The “IBM X-Force Threat Intelligence Index 2019” highlighted troubling trends in the cybersecurity landscape, including a rise in vulnerability reporting, cryptojacking attacks and attacks on critical infrastructure organizations. Yet amid all the concern, there is one threat trend that our data suggests has been on the decline: hacktivism — the subversive use of internet-connected devices and networks to promote a political or social agenda.
Looking at IBM X-Force data in the period between 2015 and 2019, our team noted a sharp decrease in publicly disclosed hacktivist attacks. Our data incorporates incidents pulled from established and reliable reporting streams and reveals where a specific group claimed responsibility for the incident and where there is quantifiable damage to the victim. While this data does not capture all cyber incidents — nor all hacktivist attacks that occurred in that period — the decrease in publicly acknowledged hacktivism attacks remains significant since public attribution is a key component in these types of attacks.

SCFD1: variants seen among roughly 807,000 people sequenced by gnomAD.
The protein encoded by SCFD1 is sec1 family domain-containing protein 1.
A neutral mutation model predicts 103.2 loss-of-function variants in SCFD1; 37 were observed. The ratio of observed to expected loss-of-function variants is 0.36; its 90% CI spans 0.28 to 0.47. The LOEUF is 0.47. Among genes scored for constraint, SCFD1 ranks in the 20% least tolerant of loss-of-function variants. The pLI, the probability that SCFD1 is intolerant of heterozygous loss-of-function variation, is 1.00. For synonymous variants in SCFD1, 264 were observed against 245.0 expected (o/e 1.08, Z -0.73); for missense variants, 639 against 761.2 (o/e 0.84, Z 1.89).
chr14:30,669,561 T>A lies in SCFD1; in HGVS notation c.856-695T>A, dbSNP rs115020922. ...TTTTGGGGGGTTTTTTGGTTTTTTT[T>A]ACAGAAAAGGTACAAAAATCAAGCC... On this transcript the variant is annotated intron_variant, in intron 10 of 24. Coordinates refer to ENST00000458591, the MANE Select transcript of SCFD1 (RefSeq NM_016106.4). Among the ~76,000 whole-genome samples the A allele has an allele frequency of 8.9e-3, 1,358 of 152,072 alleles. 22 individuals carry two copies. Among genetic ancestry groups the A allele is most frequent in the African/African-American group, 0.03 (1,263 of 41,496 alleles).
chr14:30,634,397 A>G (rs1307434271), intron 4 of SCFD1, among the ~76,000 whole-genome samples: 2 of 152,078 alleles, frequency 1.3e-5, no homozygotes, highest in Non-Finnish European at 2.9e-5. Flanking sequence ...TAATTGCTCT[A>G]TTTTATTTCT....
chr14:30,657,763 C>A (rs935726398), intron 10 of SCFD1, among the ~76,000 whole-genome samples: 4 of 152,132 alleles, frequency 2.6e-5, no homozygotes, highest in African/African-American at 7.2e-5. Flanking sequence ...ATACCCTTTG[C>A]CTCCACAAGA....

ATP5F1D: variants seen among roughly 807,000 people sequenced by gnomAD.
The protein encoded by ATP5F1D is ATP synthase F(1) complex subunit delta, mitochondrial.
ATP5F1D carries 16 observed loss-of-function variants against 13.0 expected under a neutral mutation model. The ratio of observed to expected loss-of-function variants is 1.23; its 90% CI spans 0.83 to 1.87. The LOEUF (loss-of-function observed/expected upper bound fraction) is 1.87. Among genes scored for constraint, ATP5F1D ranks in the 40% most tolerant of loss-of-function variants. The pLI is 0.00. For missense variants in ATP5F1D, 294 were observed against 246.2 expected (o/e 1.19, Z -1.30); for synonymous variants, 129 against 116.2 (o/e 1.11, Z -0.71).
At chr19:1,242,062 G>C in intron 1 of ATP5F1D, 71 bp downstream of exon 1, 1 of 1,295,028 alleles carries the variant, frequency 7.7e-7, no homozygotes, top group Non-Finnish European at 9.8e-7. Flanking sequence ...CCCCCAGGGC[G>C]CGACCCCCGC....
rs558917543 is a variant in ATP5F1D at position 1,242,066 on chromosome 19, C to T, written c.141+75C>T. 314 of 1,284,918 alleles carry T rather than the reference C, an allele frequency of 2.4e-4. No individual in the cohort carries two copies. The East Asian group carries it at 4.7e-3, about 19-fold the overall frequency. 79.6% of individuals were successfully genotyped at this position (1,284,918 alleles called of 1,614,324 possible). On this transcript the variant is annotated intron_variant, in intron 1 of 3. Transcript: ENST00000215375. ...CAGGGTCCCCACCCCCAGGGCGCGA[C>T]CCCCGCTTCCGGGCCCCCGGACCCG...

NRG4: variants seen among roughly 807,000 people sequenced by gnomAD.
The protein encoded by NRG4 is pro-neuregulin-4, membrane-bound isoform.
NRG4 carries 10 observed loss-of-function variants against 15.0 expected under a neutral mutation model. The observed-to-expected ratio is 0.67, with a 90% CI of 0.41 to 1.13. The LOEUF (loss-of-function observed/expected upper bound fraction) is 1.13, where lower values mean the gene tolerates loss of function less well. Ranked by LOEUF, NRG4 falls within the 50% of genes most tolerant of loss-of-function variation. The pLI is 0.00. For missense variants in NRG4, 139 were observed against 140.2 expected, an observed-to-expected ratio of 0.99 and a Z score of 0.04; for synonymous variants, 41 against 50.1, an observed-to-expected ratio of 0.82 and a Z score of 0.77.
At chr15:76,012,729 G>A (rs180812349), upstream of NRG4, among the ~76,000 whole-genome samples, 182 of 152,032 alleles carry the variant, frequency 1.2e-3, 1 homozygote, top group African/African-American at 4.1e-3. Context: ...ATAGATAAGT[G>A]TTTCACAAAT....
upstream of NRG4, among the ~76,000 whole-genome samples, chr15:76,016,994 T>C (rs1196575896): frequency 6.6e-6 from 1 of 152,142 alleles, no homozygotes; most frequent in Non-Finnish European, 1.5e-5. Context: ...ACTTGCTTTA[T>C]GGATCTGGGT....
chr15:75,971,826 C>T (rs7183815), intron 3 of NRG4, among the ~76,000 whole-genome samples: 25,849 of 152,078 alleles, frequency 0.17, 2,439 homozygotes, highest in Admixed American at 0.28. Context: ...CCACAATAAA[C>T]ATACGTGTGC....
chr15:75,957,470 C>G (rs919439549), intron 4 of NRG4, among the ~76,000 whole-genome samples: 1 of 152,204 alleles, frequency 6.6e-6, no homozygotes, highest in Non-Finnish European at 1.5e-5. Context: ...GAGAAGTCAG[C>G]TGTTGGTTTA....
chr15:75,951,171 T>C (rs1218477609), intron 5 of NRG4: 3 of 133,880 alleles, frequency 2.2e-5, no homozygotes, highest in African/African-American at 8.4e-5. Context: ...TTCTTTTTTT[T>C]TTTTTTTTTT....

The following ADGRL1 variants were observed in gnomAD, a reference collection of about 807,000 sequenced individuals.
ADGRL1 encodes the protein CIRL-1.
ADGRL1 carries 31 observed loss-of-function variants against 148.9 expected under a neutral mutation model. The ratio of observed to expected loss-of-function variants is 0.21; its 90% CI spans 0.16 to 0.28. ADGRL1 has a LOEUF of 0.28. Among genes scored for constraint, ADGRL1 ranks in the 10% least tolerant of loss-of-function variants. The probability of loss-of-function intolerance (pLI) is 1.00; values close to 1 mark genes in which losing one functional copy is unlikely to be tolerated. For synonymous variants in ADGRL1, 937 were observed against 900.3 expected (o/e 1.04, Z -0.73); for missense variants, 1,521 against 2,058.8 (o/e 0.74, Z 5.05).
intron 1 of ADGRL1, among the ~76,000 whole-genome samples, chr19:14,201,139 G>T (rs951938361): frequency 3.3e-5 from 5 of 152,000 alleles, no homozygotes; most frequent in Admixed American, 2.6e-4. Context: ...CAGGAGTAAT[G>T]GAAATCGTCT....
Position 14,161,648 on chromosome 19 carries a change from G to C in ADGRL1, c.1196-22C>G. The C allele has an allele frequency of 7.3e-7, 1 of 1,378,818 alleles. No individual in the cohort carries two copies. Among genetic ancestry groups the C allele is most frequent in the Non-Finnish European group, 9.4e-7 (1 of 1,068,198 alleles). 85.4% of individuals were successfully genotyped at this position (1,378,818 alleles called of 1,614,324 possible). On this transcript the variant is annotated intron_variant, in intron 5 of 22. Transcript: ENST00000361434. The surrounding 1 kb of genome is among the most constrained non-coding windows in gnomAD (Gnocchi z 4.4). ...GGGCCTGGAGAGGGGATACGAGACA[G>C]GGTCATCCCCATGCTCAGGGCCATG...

In 2016 in particular, hacktivist attacks such as Operation Icarus, which directed distributed denial-of-service (DDoS) attacks at banks worldwide, made headlines several times. Another 2016 attack by the same group was a “declaration of war” on Thai police following the conviction of two Burmese men for the murders of two British backpackers. That operation resulted in the defacement of several Thai police websites. In 2018, the number of reported attacks was much lower, although various groups used decline hacktivism attacks percent since